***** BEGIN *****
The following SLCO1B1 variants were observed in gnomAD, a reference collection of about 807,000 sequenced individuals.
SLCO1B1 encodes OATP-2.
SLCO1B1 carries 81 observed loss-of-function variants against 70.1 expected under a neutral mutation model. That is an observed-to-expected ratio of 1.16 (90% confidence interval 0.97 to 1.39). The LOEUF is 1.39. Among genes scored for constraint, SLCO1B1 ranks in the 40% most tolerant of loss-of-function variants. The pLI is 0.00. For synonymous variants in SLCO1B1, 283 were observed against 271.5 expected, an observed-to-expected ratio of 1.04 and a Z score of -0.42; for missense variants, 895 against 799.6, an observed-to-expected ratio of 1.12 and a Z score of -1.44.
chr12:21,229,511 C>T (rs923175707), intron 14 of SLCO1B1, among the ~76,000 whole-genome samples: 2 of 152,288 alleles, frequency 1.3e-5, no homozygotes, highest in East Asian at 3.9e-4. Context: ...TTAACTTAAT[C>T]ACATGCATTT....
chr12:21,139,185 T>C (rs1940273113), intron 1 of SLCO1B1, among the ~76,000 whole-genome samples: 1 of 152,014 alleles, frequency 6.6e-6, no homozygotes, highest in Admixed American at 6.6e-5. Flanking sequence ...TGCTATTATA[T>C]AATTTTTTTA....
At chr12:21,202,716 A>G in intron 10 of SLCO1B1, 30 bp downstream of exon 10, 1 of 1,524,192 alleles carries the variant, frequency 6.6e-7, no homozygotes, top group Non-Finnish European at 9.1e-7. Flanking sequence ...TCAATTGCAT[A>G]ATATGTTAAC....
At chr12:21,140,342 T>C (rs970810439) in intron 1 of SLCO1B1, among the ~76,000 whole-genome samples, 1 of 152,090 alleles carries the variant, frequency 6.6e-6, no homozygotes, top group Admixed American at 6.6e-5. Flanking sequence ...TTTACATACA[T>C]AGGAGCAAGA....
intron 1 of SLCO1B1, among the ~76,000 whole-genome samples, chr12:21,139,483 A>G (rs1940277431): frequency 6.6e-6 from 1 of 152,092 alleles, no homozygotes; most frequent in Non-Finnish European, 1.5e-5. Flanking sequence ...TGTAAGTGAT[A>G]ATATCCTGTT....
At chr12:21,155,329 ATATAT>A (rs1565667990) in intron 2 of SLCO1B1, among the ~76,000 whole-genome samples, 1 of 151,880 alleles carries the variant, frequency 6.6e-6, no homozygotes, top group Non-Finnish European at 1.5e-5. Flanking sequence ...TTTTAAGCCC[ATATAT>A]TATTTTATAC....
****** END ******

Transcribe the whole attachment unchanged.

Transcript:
The following SLCO1B1 variants were observed in gnomAD, a reference collection of about 807,000 sequenced individuals.
SLCO1B1 encodes OATP-2.
SLCO1B1 carries 81 observed loss-of-function variants against 70.1 expected under a neutral mutation model. That is an observed-to-expected ratio of 1.16 (90% confidence interval 0.97 to 1.39). The LOEUF is 1.39. Among genes scored for constraint, SLCO1B1 ranks in the 40% most tolerant of loss-of-function variants. The pLI is 0.00. For synonymous variants in SLCO1B1, 283 were observed against 271.5 expected, an observed-to-expected ratio of 1.04 and a Z score of -0.42; for missense variants, 895 against 799.6, an observed-to-expected ratio of 1.12 and a Z score of -1.44.
chr12:21,229,511 C>T (rs923175707), intron 14 of SLCO1B1, among the ~76,000 whole-genome samples: 2 of 152,288 alleles, frequency 1.3e-5, no homozygotes, highest in East Asian at 3.9e-4. Context: ...TTAACTTAAT[C>T]ACATGCATTT....
chr12:21,139,185 T>C (rs1940273113), intron 1 of SLCO1B1, among the ~76,000 whole-genome samples: 1 of 152,014 alleles, frequency 6.6e-6, no homozygotes, highest in Admixed American at 6.6e-5. Flanking sequence ...TGCTATTATA[T>C]AATTTTTTTA....
At chr12:21,202,716 A>G in intron 10 of SLCO1B1, 30 bp downstream of exon 10, 1 of 1,524,192 alleles carries the variant, frequency 6.6e-7, no homozygotes, top group Non-Finnish European at 9.1e-7. Flanking sequence ...TCAATTGCAT[A>G]ATATGTTAAC....
At chr12:21,140,342 T>C (rs970810439) in intron 1 of SLCO1B1, among the ~76,000 whole-genome samples, 1 of 152,090 alleles carries the variant, frequency 6.6e-6, no homozygotes, top group Admixed American at 6.6e-5. Flanking sequence ...TTTACATACA[T>C]AGGAGCAAGA....
intron 1 of SLCO1B1, among the ~76,000 whole-genome samples, chr12:21,139,483 A>G (rs1940277431): frequency 6.6e-6 from 1 of 152,092 alleles, no homozygotes; most frequent in Non-Finnish European, 1.5e-5. Flanking sequence ...TGTAAGTGAT[A>G]ATATCCTGTT....
At chr12:21,155,329 ATATAT>A (rs1565667990) in intron 2 of SLCO1B1, among the ~76,000 whole-genome samples, 1 of 151,880 alleles carries the variant, frequency 6.6e-6, no homozygotes, top group Non-Finnish European at 1.5e-5. Flanking sequence ...TTTTAAGCCC[ATATAT>A]TATTTTATAC....